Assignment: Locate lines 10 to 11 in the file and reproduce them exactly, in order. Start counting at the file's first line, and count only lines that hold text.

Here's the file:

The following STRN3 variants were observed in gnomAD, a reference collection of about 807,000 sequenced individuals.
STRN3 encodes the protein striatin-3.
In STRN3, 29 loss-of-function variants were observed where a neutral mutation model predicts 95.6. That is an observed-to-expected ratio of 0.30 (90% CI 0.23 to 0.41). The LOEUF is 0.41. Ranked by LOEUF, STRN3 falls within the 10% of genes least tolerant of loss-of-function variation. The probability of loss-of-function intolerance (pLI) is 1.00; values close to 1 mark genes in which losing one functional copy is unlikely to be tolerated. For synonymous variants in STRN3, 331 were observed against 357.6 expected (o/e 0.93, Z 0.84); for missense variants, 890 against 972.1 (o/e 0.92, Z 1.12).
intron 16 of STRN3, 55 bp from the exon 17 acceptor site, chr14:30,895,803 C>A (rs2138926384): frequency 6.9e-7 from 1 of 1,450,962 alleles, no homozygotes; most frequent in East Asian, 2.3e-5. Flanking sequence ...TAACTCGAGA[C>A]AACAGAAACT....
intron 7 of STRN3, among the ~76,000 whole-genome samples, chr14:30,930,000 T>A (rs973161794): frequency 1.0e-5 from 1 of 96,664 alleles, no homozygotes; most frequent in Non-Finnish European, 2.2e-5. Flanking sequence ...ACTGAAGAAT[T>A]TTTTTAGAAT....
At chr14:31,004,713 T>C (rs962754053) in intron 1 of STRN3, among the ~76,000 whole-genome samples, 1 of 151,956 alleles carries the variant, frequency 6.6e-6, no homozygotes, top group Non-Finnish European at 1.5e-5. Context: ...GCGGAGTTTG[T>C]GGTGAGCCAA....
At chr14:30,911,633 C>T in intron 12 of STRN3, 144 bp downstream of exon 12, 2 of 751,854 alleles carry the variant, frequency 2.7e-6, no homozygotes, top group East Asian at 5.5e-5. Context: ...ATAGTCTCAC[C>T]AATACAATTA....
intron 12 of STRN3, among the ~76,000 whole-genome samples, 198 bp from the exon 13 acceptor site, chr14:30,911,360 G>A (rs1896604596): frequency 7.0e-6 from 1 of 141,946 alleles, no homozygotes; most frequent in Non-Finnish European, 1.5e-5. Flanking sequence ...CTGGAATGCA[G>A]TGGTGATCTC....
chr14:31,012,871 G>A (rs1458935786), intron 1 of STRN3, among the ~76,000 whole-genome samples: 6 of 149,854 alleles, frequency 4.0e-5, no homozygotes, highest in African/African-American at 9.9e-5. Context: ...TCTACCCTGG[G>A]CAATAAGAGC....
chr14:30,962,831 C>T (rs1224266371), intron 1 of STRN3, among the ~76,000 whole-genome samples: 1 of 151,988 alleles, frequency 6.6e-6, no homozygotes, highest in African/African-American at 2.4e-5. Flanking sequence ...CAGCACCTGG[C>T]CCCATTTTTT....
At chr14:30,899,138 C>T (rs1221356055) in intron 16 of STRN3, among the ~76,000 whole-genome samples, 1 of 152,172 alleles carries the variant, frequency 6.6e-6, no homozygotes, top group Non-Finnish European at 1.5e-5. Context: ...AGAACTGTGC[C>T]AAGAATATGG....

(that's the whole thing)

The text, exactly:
chr14:30,962,831 C>T (rs1224266371), intron 1 of STRN3, among the ~76,000 whole-genome samples: 1 of 151,988 alleles, frequency 6.6e-6, no homozygotes, highest in African/African-American at 2.4e-5. Flanking sequence ...CAGCACCTGG[C>T]CCCATTTTTT....
At chr14:30,899,138 C>T (rs1221356055) in intron 16 of STRN3, among the ~76,000 whole-genome samples, 1 of 152,172 alleles carries the variant, frequency 6.6e-6, no homozygotes, top group Non-Finnish European at 1.5e-5. Context: ...AGAACTGTGC[C>T]AAGAATATGG....